I should point out that our approach here applies not only to students but also to faculty. Educators who are trying to redesign medical residencies to train residents in new models of care – such as Patient Centered Medical Homes – need new skills, too. And understanding these needs should inform faculty development programs to achieve the crucial mission of training the future workforce. That’s exactly what we’re doing with some of our programs.

With this focus on interdisciplinary care at HRSA, we have developed a set of core sub-competencies for interprofessional training and practice. The competencies were produced through extensive partnerships with the Robert Wood Johnson and Josiah Macy Jr. foundations, the Interprofessional Education Collaborative, and the American Board of Internal Medicine Foundation, and others.

As an aside, people don’t always think of the federal government working in partnership with foundations, but we do.

In order to bring a very precise focus to this combination of interprofessional education and team-based care, HRSA awarded a grant to the University of Minnesota Academic Health Center last year to serve as the site of a new National Center for Interprofessional Practice and Education.

This five-year, $4-million initiative is designed to support the transformation of the prevalent siloed healthcare delivery system into an integrated health system of coordinated, collaborative, team-based practice that becomes the new national norm. Fairly ambitious agenda, isn’t it? But with our partners, that’s what we’re working toward.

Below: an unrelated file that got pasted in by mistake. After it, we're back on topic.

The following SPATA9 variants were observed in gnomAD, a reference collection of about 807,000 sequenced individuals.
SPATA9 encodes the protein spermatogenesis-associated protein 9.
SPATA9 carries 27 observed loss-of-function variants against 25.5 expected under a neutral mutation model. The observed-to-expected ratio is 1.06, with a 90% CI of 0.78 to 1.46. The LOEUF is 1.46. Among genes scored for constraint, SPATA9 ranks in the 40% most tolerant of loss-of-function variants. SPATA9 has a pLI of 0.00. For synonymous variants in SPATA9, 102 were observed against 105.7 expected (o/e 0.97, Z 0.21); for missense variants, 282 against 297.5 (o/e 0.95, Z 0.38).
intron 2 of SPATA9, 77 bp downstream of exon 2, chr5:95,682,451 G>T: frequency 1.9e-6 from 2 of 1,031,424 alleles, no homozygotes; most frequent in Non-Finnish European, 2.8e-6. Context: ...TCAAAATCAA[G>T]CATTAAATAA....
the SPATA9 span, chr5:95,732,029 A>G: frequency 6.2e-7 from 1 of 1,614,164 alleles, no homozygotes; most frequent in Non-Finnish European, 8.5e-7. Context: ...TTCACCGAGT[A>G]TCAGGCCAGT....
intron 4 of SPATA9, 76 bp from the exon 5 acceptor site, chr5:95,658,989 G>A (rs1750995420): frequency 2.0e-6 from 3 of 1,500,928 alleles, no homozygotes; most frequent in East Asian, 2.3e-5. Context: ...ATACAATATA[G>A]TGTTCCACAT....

Through investment from a number of private foundations (Macy, RWJ, and the John Hartford and Gordon and Betty Moore foundations), this $4 million of federal funding we put on the table has been leveraged into over $12 million in projects and activities, including the establishment of a clear organizational model in pursuit of the often-referenced Triple Aim – better health, better care, and lower cost – by establishing a business case for the effectiveness of interprofessional, team-based care and its impact on population health.

So, in one way or another, the ACA brings life to not only the competency of working in interdisciplinary teams, but also to other core competencies that have been advocated by the IOM, including a renewed emphasis on patient-centered care, employing evidence-based practices, applying quality improvement science, and harnessing technology.

Looking forward, new models of care are being supported, and they will continue to emerge. And one excellent place to look for the future of care delivery is at the ACA-funded Center for Medicare and Medicaid Innovation. One of the Innovation Center’s latest projects is the State Innovation Models initiative.

The 25 states that received awards are required to, quote: “use the full range of their executive and legislative authority to facilitate and support new health care delivery models.” And they are asked to consider – among other things – changes to state-based health care workforce policies on training, professional licensure, and scope-of-practice statutes.

So as you can see, there are clear and direct links between our health care workforce training activities at HRSA, the support through the Affordable Care Act for a new paradigm for the training, education, and deployment of future generations of advanced practice nurses – and indeed of all clinicians, whether civilian or military.